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‘River of wildflowers’ will turn A391 into a colourful gateway to St Austell

The ‘Making Space for Nature’ programme is now underway in St Austell, part of a three year venture to transform Cornwall’s green deserts into wildlife-friendly spaces. The first project is set to transform the A391 into a stunning town gateway, with a ‘river of wildflowers’ perfect for pollinators along the road verges.

4000 square metres of wildflower turf was laid in March this year and just two months later is already blooming, with a host of native pollinator-friendly flowers. The project is due to be extended in September this year, with additional native wildflower-seeded areas, to create a 2.5km wildlife corridor between Tregrehan Mills Roundabout up to Treverbyn Roundabout. A footpath/ cycleway runs alongside much of the verge, allowing up-close contact with nature and enjoyment of the visual display.

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The meadows include  annual and perennial species . Each will evolve over the years to provide a very welcome splash of colour and abundant nectar and pollen for bees and butterflies. The meadows will also provide cover and food for birds, small mammals and amphibians. Uncut meadow patches will be left as refuge areas for creatures to shelter in over winter months. Wildflowers may also help improve local air quality by capturing small particulates emitted from traffic fumes.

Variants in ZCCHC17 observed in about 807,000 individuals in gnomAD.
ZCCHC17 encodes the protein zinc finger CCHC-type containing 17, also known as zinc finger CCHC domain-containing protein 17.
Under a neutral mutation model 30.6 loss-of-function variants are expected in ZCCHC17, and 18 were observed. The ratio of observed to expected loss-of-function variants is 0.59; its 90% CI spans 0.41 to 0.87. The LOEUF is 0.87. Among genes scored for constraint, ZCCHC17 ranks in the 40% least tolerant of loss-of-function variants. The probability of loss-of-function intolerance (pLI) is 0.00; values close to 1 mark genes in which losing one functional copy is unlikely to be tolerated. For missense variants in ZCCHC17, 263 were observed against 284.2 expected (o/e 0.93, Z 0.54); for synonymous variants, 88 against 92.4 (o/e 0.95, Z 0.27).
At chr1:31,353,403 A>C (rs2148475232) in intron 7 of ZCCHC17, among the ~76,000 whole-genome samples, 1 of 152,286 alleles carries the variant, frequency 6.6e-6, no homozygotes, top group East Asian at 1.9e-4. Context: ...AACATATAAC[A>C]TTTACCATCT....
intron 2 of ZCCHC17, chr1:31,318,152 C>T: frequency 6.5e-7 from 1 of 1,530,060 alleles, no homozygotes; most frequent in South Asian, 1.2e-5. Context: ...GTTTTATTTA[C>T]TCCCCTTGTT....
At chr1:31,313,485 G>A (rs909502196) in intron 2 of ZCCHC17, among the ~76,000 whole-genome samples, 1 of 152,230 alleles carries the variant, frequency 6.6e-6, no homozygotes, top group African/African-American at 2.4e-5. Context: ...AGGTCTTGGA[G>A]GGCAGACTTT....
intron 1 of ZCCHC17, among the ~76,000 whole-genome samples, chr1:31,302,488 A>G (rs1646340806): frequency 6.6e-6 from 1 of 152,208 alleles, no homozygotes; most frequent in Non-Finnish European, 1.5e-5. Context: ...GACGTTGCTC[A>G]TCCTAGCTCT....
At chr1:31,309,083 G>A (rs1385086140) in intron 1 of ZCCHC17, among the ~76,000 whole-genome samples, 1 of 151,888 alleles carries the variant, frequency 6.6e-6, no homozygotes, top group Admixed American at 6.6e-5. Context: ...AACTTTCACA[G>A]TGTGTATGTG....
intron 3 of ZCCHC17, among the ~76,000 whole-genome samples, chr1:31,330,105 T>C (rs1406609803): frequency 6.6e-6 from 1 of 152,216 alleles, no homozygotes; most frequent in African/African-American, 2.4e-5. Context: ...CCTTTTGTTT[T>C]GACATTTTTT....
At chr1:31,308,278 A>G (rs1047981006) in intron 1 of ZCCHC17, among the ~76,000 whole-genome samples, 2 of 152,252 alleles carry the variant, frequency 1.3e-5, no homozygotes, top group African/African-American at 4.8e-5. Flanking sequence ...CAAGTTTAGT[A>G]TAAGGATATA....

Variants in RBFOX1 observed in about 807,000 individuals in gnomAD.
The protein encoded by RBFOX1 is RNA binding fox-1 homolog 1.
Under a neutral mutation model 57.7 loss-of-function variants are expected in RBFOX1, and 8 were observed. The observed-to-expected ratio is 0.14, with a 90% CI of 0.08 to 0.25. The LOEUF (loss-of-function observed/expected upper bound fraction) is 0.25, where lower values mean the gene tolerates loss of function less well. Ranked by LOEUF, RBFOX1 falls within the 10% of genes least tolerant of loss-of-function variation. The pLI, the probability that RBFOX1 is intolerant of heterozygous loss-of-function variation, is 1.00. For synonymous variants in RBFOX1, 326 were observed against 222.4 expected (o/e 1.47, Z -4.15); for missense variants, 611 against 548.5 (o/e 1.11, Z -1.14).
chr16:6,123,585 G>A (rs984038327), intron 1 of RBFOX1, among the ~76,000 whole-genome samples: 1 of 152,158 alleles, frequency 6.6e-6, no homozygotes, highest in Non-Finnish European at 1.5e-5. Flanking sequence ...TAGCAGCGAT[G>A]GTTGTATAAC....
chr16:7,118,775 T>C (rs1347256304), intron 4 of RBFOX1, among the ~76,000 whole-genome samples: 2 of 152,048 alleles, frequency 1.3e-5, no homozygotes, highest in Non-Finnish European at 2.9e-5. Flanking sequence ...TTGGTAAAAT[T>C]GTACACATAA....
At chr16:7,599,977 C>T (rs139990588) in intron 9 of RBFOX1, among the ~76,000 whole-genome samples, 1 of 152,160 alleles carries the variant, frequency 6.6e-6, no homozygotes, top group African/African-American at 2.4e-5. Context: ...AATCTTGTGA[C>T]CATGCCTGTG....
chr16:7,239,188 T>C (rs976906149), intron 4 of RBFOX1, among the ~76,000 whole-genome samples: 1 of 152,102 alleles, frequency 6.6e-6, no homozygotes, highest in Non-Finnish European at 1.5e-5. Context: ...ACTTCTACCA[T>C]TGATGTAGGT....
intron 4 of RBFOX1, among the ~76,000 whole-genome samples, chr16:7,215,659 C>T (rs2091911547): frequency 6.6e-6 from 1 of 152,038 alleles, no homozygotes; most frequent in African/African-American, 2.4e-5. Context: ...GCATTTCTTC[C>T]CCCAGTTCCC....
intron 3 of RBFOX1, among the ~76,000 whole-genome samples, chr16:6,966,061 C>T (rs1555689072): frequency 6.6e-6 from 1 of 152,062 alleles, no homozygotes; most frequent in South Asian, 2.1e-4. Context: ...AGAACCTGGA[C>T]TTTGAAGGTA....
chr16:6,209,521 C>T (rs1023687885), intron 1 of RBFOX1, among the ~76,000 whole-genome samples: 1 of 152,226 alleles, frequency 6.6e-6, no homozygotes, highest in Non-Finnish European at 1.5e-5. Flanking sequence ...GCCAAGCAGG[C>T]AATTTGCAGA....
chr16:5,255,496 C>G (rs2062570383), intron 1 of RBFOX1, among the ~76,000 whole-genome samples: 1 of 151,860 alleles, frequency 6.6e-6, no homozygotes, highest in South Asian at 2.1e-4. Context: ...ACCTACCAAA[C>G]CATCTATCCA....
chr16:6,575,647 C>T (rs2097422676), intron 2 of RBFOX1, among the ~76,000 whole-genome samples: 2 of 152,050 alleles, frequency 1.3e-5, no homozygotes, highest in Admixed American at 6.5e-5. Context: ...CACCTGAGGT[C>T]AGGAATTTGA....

The meadow verges will be managed with an annual autumn cut, to reduce fertility and ensure continued diversity of flower species. Cuttings will be collected and removed, leaving a healthy sward ready to grow again each springtime.

This display is bound to be enjoyed by local residents and visitors to the town over the years to come. This is part of a wider set of projects across St Austell, involving both ERDF funded ‘Making Space for Nature’ and Coastal Communities funded ‘St Austell Fresh Green Futures’. 


This project has brought together many partners with a shared goal to bring more colour, enjoyment and access to nature to St Austell.

The Making Space for Nature team and University of Exeter, Cormac, Cornwall Council highways, SABEF, St Austell Town Council, Darren Hawkes Landscapes, MeiLoci Ltd, Pictorial Meadows and National Wildflower Centre/ Eden Project have all collaborated to bring this transformation about

Making Space for Nature in Cornish towns is part-funded by the European Regional Development Fund. With support from the University of Exeter and match funding from Cornwall Council, the project will invest £2.9m in seven towns covering an area approximately the size of 28 rugby pitches by 2022.

For more information about all the projects, check out Making Space for Nature.